Model train in vintage filter

modeltrain1

modeltrain2

Two snaps I took of my starter model train kit (Bachmann) that I took on an iPhone 3GS. Applied a vintage filter on it.

 

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The CEO who did demos

Yeah, you know who I am talking about. Steve Jobs. I was reading the blog of Don Melton (who led the first Safari development team), where he describes the feeling of being in the audience of rehearsals of the ‘master presenter’.

Most of the time during those rehearsals, Ken and I had nothing to do except sit in the then empty audience and watch The Master Presenter at work — crafting his keynote. What a privilege to be a spectator during that process. At Apple, we were actually all students, not just spectators. When I see other companies clumsily announce products these days, I realize again how much the rest of the world lost now that Steve is gone.

And then there was also a link to the 2003 macworld keynote where Steve released Safari. I liked the way he demo’d Safari. It was typical Steve. Superlative adjectives. Practised fluency. But, what came next was what blew my mind. Steve also announces Keynote on the same presentation. My rough transcription:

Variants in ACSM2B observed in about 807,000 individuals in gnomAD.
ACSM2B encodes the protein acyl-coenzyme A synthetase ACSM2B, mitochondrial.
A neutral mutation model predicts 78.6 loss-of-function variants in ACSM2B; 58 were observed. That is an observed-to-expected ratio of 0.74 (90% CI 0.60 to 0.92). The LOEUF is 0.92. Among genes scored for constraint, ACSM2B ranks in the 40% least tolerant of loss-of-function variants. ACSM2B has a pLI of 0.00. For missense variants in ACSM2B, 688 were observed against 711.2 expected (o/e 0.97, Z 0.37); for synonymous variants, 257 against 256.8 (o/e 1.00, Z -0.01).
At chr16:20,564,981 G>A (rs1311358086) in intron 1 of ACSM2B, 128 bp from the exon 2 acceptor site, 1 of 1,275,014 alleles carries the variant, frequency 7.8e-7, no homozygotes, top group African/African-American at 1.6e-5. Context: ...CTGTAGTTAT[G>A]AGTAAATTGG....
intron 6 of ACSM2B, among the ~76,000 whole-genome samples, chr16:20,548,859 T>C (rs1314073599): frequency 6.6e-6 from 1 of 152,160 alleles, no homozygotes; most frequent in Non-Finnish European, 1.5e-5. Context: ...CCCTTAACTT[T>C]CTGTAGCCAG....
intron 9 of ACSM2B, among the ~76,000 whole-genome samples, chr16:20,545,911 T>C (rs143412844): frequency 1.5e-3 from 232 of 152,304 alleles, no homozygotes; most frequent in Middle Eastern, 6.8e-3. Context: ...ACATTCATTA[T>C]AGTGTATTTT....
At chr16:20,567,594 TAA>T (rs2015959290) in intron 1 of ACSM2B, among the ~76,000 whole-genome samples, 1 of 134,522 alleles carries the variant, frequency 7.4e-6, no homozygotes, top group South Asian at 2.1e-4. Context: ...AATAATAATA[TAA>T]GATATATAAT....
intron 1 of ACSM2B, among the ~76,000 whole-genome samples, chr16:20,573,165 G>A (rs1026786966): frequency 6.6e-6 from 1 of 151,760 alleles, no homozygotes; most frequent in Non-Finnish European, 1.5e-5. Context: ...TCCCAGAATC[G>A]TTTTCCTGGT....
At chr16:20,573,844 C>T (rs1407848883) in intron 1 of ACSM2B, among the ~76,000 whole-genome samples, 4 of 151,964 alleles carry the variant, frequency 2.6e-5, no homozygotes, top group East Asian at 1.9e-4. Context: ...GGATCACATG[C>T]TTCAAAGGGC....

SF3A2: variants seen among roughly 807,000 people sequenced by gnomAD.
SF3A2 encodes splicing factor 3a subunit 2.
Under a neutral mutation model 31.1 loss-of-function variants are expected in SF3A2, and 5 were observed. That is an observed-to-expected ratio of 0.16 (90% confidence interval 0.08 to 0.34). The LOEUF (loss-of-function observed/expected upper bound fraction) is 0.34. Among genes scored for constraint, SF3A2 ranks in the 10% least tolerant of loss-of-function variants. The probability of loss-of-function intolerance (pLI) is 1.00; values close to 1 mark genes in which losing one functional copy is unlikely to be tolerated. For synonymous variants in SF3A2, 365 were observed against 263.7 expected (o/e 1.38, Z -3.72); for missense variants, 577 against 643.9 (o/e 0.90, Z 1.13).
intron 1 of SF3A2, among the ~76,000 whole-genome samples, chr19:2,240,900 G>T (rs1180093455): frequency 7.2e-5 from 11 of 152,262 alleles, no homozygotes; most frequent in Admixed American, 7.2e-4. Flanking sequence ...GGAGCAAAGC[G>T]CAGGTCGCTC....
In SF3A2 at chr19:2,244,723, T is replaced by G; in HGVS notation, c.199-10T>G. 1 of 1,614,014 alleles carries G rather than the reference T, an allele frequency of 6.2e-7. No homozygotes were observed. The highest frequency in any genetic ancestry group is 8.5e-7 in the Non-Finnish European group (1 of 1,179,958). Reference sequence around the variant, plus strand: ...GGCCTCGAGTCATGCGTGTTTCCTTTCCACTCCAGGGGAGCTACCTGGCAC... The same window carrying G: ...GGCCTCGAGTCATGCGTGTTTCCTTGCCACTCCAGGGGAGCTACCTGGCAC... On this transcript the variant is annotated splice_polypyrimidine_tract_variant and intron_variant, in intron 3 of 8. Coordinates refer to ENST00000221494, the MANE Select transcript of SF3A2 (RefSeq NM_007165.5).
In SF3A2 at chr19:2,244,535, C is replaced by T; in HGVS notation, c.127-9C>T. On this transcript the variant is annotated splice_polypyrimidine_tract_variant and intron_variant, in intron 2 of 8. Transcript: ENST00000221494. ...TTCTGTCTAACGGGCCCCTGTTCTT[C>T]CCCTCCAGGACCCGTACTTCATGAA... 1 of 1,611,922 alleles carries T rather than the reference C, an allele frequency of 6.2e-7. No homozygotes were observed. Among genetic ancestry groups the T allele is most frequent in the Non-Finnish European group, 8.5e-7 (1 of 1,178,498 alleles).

The folks at apple created Keynote for me. I needed something that I can use to create these keynote presentations for you. Very graphic intensive. Powerful. Something that you want to use to create meaningful presentations. Now, <pause>, I want to share it with you. <applause>

This has been in the works for over a year now. For a year, we hired a very lowly paid beta tester, who tested it for a whole year. <screen shows Steve Job’s picture> <applause>. I have used Keynote for every keynote that I showed you in 2002.

I think that is just amazing. A CEO who not only demos, but also beta tested a product for a whole year. And not in his own private tasks, but for a very public demonstration. Amazing.